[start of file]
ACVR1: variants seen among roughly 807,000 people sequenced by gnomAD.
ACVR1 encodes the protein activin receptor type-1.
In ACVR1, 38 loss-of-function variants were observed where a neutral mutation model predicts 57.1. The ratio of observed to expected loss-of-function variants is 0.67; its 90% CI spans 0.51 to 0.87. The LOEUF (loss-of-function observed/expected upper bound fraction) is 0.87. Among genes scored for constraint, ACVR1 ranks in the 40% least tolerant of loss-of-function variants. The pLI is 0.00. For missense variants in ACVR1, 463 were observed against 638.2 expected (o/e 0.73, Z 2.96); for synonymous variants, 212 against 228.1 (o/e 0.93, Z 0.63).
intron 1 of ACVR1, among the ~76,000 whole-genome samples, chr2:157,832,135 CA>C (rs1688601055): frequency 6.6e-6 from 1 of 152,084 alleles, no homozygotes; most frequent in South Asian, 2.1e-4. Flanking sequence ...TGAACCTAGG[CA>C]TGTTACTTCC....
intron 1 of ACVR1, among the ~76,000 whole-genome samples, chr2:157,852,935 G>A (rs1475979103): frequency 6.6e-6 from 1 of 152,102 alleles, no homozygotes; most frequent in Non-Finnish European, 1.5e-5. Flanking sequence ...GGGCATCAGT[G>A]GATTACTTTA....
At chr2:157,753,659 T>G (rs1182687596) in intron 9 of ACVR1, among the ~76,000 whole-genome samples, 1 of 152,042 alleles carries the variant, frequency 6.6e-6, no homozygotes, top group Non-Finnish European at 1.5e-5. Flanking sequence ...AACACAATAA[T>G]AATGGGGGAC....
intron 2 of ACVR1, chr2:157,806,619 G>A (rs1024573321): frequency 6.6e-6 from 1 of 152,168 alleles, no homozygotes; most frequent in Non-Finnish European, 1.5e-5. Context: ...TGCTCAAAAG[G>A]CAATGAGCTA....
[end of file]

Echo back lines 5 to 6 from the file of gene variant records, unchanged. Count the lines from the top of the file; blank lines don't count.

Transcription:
intron 1 of ACVR1, among the ~76,000 whole-genome samples, chr2:157,852,935 G>A (rs1475979103): frequency 6.6e-6 from 1 of 152,102 alleles, no homozygotes; most frequent in Non-Finnish European, 1.5e-5. Flanking sequence ...GGGCATCAGT[G>A]GATTACTTTA....
At chr2:157,753,659 T>G (rs1182687596) in intron 9 of ACVR1, among the ~76,000 whole-genome samples, 1 of 152,042 alleles carries the variant, frequency 6.6e-6, no homozygotes, top group Non-Finnish European at 1.5e-5. Flanking sequence ...AACACAATAA[T>G]AATGGGGGAC....